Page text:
There are good people in Bardo like Levitt (Jason Diaz); the handler tasked with extracting Octavia’s memories. As he’s doing this he watches them and develops a deep admiration for how she handled everything she has been through to come out the other side a stronger person. Octavia’s perspective may be the central one for much of the episode but Levitt’s perception of her offers an alternate perspective. She find sit difficult to accept that he would admire her because self loathing is something she will never entirely shake. Despite the time spent with Diyoza and Hope where she found a particular sense of inner peace, this is something she still struggles with and reliving every experience that led her to that conclusion reopens the wound in a big way. Octavia insists she’s a killer because that’s what she sees when the memories play out in front of her but Levitt has a different perspective; he sees her as someone who has sacrificed a lot for those she cares about which means more to him than her losing her way.
This opinion comes from an incomplete picture of Octavia’s life experience so it’s not a fully informed perspective but pointing out that her sacrificial nature began with her hiding under the floor without making a sound to protect her family is a really interesting observation that does link in with the underlying motivation behind every decision Octavia makes. Rightly or wrongly she does what she does because she wants to protect others and that has been consistent throughout the entire run of the show. The M-Cap device is the perfect excuse to offer a deconstruction of characters and I suspect that this season will offer that for Octavia before she finds a new balance within her own life that builds on her experiences to inform the person she ends up as. The time spent on this deconstruction of Octavia with the suggestion of how she could progress helps ground the science fiction elements at play with the episode and offers yet another great opportunity for Marie Avgeropoulos to deliver an excellent performance.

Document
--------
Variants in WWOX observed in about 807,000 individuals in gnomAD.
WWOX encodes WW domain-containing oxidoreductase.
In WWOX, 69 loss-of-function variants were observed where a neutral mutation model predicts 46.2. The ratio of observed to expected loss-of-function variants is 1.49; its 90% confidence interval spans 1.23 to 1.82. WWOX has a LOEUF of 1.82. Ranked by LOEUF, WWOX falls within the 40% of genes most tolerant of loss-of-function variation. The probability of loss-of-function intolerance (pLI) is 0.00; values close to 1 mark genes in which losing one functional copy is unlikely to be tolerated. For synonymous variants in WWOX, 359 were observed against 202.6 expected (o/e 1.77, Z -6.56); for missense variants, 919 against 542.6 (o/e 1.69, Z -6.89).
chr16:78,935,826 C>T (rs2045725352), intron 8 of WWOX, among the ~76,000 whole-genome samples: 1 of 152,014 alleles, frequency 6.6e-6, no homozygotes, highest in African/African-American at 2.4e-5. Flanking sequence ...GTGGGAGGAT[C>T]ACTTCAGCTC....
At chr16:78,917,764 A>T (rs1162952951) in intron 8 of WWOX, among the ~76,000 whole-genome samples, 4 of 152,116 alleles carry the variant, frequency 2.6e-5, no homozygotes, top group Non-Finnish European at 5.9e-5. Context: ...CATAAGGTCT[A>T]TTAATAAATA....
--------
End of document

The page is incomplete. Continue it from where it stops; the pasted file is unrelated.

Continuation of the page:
It doesn’t quite add up that Levitt would risk so much after seeing a chunk of Octavia’s life play out before him but it’s a necessity to keep things moving and set up other aspects of the plot. With Levitt there is a man on the inside of Bardo that can help with the possibility of exploring how the society actually works through his eyes at a later date. The fact that he isn’t assigned to Octavia when she returns suggests that it’s not uncommon for people to become attached to their subjects so the fact that he isn’t explicitly punished for what he did says a great deal about the society by itself. Anders seems amoral but there are definite degrees to the severity of his punishment that I find compelling.